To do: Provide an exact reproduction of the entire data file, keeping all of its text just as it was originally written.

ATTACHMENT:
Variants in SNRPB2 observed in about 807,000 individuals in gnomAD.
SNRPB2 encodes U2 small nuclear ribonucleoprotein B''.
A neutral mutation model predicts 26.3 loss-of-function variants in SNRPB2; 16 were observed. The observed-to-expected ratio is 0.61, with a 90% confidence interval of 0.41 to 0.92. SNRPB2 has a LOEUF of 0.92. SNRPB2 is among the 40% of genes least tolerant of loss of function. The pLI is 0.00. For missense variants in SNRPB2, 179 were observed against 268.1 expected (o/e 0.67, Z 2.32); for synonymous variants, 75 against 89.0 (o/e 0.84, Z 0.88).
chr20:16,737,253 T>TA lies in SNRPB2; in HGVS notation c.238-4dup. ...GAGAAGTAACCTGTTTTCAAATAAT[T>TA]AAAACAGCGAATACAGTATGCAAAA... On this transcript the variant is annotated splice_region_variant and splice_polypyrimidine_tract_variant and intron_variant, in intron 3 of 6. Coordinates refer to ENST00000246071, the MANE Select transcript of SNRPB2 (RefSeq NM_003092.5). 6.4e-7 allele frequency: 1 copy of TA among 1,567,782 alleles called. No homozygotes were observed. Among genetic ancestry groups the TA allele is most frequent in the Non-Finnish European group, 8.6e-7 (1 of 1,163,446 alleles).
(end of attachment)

Variants in SNRPB2 observed in about 807,000 individuals in gnomAD.
SNRPB2 encodes U2 small nuclear ribonucleoprotein B''.
A neutral mutation model predicts 26.3 loss-of-function variants in SNRPB2; 16 were observed. The observed-to-expected ratio is 0.61, with a 90% confidence interval of 0.41 to 0.92. SNRPB2 has a LOEUF of 0.92. SNRPB2 is among the 40% of genes least tolerant of loss of function. The pLI is 0.00. For missense variants in SNRPB2, 179 were observed against 268.1 expected (o/e 0.67, Z 2.32); for synonymous variants, 75 against 89.0 (o/e 0.84, Z 0.88).
chr20:16,737,253 T>TA lies in SNRPB2; in HGVS notation c.238-4dup. ...GAGAAGTAACCTGTTTTCAAATAAT[T>TA]AAAACAGCGAATACAGTATGCAAAA... On this transcript the variant is annotated splice_region_variant and splice_polypyrimidine_tract_variant and intron_variant, in intron 3 of 6. Coordinates refer to ENST00000246071, the MANE Select transcript of SNRPB2 (RefSeq NM_003092.5). 6.4e-7 allele frequency: 1 copy of TA among 1,567,782 alleles called. No homozygotes were observed. Among genetic ancestry groups the TA allele is most frequent in the Non-Finnish European group, 8.6e-7 (1 of 1,163,446 alleles).